The safeguarding of children is paramount, this post will require the successful applicants to undertake an enhanced DBS check.
What you get by working for Community Foster Care
For more information or an informal discussion about the role, please contact registered manager, Lyn Taylor, on 01452 849301 or firstname.lastname@example.org.
Please complete an application form and email it to email@example.com. Alternatively you can post it to Lyn Taylor, Community Foster Care, Unit 15, The Hawthorns, Staunton, Gloucester, GL19 3NY.
More information and application documents here
Community Family Care has won a three-year contract to run a groundbreaking youth services project for Bradford on Avon Town Council in Wiltshire.
The council has drawn up a new Youth Strategy and sought an organisation to deliver a new approach.
It was impressed with the presentation by the Community Family Care team and agreed that CFC would provide “a highly innovative, responsive and localised service” for Bradford on Avon and the surrounding villages.
The new service will also bring jobs to the area with the expected recruitment of several youth workers.
Community Family Care’s team will work with young people aged 10-18, and with people aged up to 25 if they have additional needs or have been in care.
It will deliver some ‘traditional’ services in addition to outreach work and more targeted work with young people. The not-for-profit organisation will also work closely with schools and other service providers, including delivering preventative work to address behaviours that may place young people at risk.
Councillors are keen that the service provides a platform for young people to have more of a say in decisions that affect them, and wants the service to provide opportunities for youth participation and citizenship initiatives.
Leader of the Council Dom Newton said: “We are very excited to be working with Community Family Care in delivering one of the first new Youth Services to be commissioned since 2010.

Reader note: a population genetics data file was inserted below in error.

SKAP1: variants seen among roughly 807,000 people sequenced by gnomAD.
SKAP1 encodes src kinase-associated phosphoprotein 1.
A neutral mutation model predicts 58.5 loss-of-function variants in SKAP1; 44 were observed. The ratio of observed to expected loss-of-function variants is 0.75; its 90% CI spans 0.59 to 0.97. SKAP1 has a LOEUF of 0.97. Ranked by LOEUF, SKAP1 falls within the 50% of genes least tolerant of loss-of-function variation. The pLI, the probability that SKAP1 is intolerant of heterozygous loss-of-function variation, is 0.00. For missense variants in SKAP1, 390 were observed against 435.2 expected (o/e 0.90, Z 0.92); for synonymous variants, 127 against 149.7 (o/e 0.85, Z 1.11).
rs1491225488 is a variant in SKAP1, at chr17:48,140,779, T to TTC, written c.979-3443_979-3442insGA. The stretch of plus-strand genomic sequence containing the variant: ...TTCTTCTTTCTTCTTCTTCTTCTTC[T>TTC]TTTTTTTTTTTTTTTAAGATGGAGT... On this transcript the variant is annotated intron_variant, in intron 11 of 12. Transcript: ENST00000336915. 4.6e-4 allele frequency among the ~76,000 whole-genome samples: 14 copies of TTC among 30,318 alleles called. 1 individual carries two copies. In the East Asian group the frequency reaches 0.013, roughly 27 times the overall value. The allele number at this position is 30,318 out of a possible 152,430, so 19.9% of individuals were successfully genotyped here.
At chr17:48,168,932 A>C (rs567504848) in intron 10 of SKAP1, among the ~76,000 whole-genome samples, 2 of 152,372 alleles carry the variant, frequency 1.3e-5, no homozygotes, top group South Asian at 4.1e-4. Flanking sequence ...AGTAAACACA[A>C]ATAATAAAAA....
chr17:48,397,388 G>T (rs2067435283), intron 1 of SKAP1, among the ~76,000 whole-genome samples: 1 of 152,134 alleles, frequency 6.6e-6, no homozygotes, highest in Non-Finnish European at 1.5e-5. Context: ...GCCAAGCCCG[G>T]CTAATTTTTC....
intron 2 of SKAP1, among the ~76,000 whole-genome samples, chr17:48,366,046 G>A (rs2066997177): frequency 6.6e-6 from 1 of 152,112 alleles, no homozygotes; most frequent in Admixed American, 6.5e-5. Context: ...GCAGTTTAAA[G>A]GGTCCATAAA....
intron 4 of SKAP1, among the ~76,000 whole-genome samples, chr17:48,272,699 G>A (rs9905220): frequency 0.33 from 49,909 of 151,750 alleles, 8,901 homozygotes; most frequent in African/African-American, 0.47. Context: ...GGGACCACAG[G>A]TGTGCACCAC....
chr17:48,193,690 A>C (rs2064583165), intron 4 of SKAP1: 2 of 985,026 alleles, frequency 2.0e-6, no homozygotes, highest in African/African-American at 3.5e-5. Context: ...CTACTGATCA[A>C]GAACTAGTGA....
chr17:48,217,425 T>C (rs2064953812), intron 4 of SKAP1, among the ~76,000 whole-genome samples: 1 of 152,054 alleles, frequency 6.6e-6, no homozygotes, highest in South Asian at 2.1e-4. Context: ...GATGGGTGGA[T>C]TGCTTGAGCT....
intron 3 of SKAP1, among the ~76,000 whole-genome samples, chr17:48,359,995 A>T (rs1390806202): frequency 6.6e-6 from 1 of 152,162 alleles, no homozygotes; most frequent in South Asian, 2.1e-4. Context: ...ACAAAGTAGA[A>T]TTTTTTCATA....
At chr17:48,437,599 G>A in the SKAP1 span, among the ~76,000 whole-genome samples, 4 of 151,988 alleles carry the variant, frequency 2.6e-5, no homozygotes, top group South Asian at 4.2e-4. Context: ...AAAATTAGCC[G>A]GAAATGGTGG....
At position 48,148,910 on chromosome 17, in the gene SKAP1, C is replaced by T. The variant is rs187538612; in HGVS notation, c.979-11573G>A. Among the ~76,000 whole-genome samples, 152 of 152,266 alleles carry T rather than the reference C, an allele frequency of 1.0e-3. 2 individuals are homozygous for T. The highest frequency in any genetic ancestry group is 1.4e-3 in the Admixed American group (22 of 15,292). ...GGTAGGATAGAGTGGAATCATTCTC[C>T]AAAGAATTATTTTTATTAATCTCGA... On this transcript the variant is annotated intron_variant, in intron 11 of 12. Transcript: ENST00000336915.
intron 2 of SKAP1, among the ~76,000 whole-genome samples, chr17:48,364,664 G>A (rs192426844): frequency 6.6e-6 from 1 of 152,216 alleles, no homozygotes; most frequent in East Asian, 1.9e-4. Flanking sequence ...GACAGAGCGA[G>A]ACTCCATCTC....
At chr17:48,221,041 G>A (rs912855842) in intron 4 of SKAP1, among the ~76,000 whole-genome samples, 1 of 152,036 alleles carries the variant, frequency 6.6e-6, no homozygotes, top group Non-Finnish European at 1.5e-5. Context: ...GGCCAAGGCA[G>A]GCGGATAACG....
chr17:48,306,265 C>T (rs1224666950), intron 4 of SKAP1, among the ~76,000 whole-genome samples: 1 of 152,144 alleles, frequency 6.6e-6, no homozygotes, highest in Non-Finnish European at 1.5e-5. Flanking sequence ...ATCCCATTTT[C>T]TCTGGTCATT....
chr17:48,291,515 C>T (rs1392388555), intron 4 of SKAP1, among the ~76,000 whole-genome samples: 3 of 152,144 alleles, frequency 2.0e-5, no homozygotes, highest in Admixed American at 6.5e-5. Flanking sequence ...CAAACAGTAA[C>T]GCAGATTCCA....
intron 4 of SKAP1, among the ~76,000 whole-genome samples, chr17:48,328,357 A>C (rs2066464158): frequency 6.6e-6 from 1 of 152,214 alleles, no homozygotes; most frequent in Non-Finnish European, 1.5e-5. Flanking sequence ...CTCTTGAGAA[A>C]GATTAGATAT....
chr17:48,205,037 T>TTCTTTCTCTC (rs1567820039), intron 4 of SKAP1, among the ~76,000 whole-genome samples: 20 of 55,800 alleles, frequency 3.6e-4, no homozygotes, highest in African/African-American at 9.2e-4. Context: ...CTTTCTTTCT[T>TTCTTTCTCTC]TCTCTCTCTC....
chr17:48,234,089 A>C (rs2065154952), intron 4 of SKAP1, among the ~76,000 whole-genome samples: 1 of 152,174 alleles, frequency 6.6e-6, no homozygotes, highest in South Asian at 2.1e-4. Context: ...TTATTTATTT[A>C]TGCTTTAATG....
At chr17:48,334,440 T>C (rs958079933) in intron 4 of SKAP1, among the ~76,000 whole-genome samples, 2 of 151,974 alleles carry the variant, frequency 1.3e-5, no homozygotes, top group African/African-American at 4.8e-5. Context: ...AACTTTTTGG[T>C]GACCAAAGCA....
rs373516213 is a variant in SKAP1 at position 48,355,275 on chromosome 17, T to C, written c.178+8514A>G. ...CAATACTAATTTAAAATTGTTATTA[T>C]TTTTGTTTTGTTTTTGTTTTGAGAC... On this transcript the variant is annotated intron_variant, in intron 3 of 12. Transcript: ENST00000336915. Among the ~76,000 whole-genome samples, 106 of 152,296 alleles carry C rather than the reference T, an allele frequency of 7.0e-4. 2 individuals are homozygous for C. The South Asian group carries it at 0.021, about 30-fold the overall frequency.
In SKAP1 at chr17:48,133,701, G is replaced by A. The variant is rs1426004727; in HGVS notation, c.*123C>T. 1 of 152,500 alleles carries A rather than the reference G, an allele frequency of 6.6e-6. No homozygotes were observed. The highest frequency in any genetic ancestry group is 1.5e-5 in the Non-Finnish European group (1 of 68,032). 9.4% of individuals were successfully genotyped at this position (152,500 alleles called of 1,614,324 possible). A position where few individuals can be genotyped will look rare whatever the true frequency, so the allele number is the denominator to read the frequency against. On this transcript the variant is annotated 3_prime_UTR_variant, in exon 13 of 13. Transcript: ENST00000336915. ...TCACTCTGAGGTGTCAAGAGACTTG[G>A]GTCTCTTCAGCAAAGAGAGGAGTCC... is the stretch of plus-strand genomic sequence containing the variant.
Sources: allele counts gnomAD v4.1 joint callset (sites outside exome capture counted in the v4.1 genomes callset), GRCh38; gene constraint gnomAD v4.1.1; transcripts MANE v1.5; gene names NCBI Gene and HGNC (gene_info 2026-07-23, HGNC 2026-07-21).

“The service has key elements – outreach and detached work, as well as youth club services – but it will really be for our young people to decide, with the new youth workers, what those new services really look like.
“We’re looking forward to seeing how those develop, and are hopeful that it will help a new generation of young people engage in their local community, and with an expectation and understanding of their right to have their voice heard in decisions, locally and nationally.”
Mark Kingston, Chief Executive of Community Family Care, based in Gloucestershire, said: “We’ve been operating in Wiltshire for more than 14 years and see our role as unleashing the potential of young people, enabling them to realise their ambitions and bring a rich seam of experience to their local community.
“We believe that sticking by children and young people is a vital ingredient in our belief in them and that investing in the community will bring long-term social and economic gains which are critical to the realising of ambitions and happiness.”
Notes for editors:
Community Family Care
Community Family Care is a trading name of Community Foster Care, which is a registered charity with 20 years’ experience of supporting children and families through fostering and edge of care services.
Established in 1998, Community Foster Care developed from neighbourhood projects and supported local families to foster; enabling young people to safely remain within their communities.
Today Community Foster Care operates across offices in Gloucestershire, Wiltshire, Lancashire, and Cumbria, providing high quality fostering services and, through its Community Family Care Team, it also offers a range of edge of care and early intervention support to children and families.
About Bradford on Avon’s Youth Strategy
The Youth Strategy document was adopted by the Town Council in late 2017, and covers both youth service provision in the town and area (part one) and improving opportunities for jobs and housing in the town (part two) for young people up to the age of 30.
This was based on a review of current demographic trends, which show a marked difference in the numbers of 20-30 years olds in the town, against other towns of similar size, and the social imbalance that can bring.
It is also predicated on the idea that providing young people with the opportunity to engage in their local community means that they will value the outputs far more, and that it embeds a habit of engagement in decision-making that will enhance political engagement of all types.
BOATC have assigned £40,000 funding for the Youth Strategy in year one, with a further £8,000 from the CWLPEC and around £6,000 from the Bradford on Avon Area Board. The contract is for three years lasting until July 2021, with a total contract value of just under £142,000 split over those three years.